by MacGregor Campbell

May 21, 2016

from Sci-Hub Website



MacGregor Campbell is a consultant for New Scientist based in Portland, Orgeon




Planets even balmier than our own

could be just a cosmic stone's throw away,

finds MacGregor Campbell



Earth and the solar system

have always been our benchmarks

for life-friendly environments.

No longer.

The system next door might trump ours,

while observations further afield

are forcing a fundamental rethink

of where life can flourish.


"When I was a kid, I was always looking at Alpha Centauri," says Eduardo Bendek.

One of the things he discovered about it while growing up in Chile was that our closest neighboring light had a secret:

it is not one star, but two.

More than 30 years later, Eduardo Bendek, now an astronomer at NASA'S Ames Research Center, suspects that his favorite celestial beacon might just be hiding another, more marvelous secret. There could be a planet orbiting one of the stars. And not just any old space rock.


This could be a place so bursting with life that it makes Earth look post-apocalyptic.

And at a mere 4.4 light years away, we might feasibly develop a probe that could visit within decades. That's precisely what a project backed by Stephen Hawking and billions of dollars now plans to do. We could catch our first glimpse of this bucolic world within a generation.

We are used to thinking small when it comes to alien life. Our list of living worlds has a sole data point, Earth, and even our convivial planet seems to have been a tricky place for life to get started.


How could we expect more than a self-replicating bag of biomolecules anywhere else?

That might be too lofty a view of Earth. After all, huge areas of our planet, including the poles and deserts, are rather barren. And whole epochs of time were inhospitable to life.


Time was perhaps the most important attribute identified by astrophysicist René Heller of the Max Planck Institute for Solar System Research in Gottingen, Germany, when in 2015 he was considering the factors that make a planet more habitable than Earth.


Habitability isn't just about having the correct balance of temperature and chemicals. Life takes eons to get started, so it's also about how long those persist.

One reason Earth might not top the charts in terms of its habitable lifetime is the size of the sun. The smaller a star, the more efficiently it uses its fuel and the longer it lasts before blowing up, taking any nearby planets with it.


The sun is a G-type star, the third smallest variety. So planets orbiting diminutive K and M-type stars can expect longer lives.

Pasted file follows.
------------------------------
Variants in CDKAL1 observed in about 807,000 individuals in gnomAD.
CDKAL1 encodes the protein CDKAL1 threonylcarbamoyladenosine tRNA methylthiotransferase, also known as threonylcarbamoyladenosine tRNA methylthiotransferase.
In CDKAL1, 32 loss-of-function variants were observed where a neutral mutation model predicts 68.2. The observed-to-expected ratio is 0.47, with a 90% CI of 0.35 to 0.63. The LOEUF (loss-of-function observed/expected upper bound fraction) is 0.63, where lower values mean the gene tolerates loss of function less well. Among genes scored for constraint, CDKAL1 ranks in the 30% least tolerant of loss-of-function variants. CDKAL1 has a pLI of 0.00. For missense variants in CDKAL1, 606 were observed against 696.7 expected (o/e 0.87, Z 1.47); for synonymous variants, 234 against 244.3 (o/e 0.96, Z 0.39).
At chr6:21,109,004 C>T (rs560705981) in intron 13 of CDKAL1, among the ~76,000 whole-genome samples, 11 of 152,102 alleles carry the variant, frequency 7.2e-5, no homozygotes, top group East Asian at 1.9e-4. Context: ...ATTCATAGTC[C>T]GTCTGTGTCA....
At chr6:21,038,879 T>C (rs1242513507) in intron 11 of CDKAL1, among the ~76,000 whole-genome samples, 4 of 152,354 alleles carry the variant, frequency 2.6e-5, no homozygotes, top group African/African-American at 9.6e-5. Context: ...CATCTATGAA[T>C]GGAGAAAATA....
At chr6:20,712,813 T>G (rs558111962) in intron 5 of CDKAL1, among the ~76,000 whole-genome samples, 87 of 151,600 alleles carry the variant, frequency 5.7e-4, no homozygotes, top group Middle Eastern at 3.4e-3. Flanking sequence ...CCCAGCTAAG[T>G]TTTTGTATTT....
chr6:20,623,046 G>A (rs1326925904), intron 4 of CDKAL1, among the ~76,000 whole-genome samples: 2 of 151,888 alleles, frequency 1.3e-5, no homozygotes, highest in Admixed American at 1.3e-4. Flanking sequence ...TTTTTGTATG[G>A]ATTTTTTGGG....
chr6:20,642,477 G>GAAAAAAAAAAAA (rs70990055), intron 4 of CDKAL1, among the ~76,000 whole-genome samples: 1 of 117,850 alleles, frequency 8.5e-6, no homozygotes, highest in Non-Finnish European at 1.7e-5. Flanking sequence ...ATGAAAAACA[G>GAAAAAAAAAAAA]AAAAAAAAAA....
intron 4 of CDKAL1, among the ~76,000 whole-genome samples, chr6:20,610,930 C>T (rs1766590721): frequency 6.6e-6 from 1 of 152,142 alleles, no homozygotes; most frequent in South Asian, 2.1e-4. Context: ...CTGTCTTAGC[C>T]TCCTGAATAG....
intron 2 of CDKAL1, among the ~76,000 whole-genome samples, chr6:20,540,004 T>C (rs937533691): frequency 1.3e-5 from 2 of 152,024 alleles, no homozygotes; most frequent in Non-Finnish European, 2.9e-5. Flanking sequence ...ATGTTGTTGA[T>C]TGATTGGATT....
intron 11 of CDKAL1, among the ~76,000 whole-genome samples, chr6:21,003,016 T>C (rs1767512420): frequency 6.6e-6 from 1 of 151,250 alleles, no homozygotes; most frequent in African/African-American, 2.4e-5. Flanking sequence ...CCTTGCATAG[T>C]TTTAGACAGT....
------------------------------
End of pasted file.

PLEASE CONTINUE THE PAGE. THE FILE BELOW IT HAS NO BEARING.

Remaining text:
But water is a factor here too. The presence of liquid water is thought to be a prerequisite for life.


And to host this life-giving stuff, planets should ideally reside in a habitable zone:

the band of space around a star with the appropriate temperature.

The habitable zones of M-type stars must be far closer in than in those of warmer stars like our own.


So snug, in fact, that the star's gravity is likely to wreak havoc on any planets. The difference between the gravitational tug on the front and back of the planets can deform them into an egg-shape, which eventually stops them spinning. Hardly ideal for life.


A K-type star, on the other hand, would have just the right conditions.


And that's exactly what Alpha Centauri B, the smaller star of the pair, is.


Alpha Centauri

is a star we could conceivably visit.


A second thing that makes a planet more likely to be benign for longer is its size.


Rocky planets like Earth can have liquid metal cores, a boon for life because it drives plate tectonics, which in turn refreshes atmospheric gases.

The liquid metal also spins, creating a magnetic shield around the planet that deflects biomolecule-destroying radiation. Once the core cools and solidifies, those effects vanish. A planet bigger than Earth would take longer to cool because there is more bulk for the heat to dissipate through.



Could a large rocky planet be orbiting Alpha Centauri B?


In 2012 Xavier Dumusque at the Harvard Smithsonian Center for Astrophysics and colleagues turned their telescope on the star, looking for the characteristic wobble caused by a planet's gravitational tug.